Ticagrelor versus clopidogrel in patients with acute coronary syndromes.

              Ticagrelor is an oral, reversible, direct-acting inhibitor of the adenosine diphosphate receptor P2Y12 that has a more rapid onset and more pronounced platelet inhibition than clopidogrel. In this multicenter, double-blind, randomized trial, we compared ticagrelor (180-mg loading dose, 90 mg twice daily thereafter) and clopidogrel (300-to-600-mg loading dose, 75 mg daily thereafter) for the prevention of cardiovascular events in 18,624 patients admitted to the hospital with an acute coronary syndrome, with or without ST-segment elevation. At 12 months, the primary end point--a composite of death from vascular causes, myocardial infarction, or stroke--had occurred in 9.8% of patients receiving ticagrelor as compared with 11.7% of those receiving clopidogrel (hazard ratio, 0.84; 95% confidence interval [CI], 0.77 to 0.92; P<0.001). Predefined hierarchical testing of secondary end points showed significant differences in the rates of other composite end points, as well as myocardial infarction alone (5.8% in the ticagrelor group vs. 6.9% in the clopidogrel group, P=0.005) and death from vascular causes (4.0% vs. 5.1%, P=0.001) but not stroke alone (1.5% vs. 1.3%, P=0.22). The rate of death from any cause was also reduced with ticagrelor (4.5%, vs. 5.9% with clopidogrel; P<0.001). No significant difference in the rates of major bleeding was found between the ticagrelor and clopidogrel groups (11.6% and 11.2%, respectively; P=0.43), but ticagrelor was associated with a higher rate of major bleeding not related to coronary-artery bypass grafting (4.5% vs. 3.8%, P=0.03), including more instances of fatal intracranial bleeding and fewer of fatal bleeding of other types. In patients who have an acute coronary syndrome with or without ST-segment elevation, treatment with ticagrelor as compared with clopidogrel significantly reduced the rate of death from vascular causes, myocardial infarction, or stroke without an increase in the rate of overall major bleeding but with an increase in the rate of non-procedure-related bleeding. (ClinicalTrials.gov number, NCT00391872.) 2009 Massachusetts Medical Society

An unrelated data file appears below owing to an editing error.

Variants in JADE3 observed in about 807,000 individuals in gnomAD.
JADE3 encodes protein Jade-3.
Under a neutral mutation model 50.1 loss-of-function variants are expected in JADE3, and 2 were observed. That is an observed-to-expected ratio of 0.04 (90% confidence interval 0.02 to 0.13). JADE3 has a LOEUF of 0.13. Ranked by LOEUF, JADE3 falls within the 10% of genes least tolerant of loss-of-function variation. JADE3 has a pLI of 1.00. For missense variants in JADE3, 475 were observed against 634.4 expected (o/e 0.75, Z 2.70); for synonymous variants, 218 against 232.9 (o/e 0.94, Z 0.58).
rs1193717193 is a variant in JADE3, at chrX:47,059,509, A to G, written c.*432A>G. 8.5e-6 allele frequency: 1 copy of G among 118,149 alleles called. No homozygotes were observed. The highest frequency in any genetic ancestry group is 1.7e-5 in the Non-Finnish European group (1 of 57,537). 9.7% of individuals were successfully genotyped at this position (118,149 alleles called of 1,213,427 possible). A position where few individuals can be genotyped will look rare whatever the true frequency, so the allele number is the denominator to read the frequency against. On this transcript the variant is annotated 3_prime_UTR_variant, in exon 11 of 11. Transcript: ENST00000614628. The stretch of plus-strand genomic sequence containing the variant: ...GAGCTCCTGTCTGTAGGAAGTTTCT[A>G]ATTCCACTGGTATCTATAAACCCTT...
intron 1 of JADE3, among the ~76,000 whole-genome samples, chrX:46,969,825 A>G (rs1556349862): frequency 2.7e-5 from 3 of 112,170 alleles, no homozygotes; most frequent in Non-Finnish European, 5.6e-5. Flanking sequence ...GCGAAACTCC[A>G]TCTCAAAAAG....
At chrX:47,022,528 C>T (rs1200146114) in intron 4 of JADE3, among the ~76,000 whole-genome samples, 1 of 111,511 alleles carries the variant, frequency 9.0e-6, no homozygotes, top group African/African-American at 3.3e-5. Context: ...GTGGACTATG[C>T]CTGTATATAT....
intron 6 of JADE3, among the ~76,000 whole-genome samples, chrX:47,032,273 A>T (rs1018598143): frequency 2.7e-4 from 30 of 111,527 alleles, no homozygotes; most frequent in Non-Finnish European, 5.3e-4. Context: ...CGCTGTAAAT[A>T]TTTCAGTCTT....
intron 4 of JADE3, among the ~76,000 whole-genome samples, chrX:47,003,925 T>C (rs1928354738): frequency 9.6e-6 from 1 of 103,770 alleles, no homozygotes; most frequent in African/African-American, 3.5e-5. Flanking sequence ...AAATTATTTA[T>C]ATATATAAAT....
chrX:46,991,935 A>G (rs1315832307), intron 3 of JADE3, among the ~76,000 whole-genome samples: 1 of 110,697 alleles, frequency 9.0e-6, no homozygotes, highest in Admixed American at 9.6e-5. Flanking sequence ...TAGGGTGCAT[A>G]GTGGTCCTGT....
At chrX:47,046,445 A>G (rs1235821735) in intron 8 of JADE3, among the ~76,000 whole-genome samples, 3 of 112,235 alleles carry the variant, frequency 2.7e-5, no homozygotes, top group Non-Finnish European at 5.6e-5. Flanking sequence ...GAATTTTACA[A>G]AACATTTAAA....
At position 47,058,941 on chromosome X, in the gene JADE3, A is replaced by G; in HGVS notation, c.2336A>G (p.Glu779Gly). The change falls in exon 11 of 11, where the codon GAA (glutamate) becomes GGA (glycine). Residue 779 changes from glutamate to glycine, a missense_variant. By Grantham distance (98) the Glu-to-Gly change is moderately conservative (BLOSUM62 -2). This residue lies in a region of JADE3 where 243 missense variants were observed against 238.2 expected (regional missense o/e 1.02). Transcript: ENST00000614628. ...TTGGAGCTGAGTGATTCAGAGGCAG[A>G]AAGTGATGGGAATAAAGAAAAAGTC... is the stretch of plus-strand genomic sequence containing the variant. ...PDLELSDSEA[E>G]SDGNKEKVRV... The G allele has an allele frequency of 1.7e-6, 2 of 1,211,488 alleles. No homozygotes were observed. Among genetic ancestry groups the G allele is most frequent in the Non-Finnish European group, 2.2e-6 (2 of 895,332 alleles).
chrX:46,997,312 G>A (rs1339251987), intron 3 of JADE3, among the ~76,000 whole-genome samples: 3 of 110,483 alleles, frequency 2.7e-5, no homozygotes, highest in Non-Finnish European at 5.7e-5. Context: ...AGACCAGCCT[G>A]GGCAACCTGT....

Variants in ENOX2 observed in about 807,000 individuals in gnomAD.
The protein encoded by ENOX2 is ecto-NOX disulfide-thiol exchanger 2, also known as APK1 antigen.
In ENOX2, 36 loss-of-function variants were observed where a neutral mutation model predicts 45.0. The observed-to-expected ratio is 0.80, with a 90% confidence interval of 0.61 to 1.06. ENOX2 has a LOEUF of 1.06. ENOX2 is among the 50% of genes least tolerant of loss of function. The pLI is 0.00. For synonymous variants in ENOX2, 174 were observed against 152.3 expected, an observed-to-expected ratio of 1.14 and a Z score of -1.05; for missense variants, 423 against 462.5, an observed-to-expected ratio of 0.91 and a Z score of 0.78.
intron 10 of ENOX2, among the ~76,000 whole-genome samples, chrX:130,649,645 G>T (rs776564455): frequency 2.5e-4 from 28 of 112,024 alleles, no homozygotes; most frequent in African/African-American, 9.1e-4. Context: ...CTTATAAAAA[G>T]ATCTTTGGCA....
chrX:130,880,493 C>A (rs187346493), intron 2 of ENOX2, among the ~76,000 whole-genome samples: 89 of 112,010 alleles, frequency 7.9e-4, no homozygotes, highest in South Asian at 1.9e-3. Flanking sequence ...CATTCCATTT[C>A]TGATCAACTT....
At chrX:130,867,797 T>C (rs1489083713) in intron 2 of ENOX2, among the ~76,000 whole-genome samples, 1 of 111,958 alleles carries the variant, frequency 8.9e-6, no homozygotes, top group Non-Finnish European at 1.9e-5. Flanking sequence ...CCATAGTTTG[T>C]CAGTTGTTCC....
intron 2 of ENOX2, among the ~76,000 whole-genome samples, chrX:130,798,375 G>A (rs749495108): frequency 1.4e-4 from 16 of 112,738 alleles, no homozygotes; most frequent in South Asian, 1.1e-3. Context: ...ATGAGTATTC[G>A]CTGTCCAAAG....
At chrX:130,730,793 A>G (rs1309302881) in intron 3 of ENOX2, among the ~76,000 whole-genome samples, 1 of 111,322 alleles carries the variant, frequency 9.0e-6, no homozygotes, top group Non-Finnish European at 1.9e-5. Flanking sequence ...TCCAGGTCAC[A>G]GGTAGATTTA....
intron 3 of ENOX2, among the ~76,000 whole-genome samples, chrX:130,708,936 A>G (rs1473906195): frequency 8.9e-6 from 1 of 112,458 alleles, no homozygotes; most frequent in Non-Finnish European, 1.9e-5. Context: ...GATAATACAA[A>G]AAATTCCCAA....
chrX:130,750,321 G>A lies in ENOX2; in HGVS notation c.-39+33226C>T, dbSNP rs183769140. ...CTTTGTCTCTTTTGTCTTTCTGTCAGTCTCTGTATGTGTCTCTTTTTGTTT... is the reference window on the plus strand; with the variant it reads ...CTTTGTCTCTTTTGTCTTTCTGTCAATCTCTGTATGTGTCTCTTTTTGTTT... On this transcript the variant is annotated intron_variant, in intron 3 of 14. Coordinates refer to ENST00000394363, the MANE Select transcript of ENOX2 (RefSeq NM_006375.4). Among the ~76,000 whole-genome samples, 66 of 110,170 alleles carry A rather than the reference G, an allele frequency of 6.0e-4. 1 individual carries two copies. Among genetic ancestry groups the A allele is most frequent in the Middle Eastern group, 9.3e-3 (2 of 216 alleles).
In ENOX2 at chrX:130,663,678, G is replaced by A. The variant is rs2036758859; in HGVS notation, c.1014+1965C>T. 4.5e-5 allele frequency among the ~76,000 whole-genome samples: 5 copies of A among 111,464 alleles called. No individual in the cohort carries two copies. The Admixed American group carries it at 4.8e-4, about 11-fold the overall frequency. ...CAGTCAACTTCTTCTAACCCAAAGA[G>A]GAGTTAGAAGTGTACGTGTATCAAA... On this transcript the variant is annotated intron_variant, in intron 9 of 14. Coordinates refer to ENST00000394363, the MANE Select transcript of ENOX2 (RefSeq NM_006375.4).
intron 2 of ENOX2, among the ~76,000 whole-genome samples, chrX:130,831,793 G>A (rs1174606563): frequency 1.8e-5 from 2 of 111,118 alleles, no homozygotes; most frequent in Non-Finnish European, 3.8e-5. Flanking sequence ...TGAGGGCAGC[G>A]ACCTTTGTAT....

Bookmark

                Author and article information

                Contributors
                Journal
                Evid Based Complement Alternat Med
                Evid Based Complement Alternat Med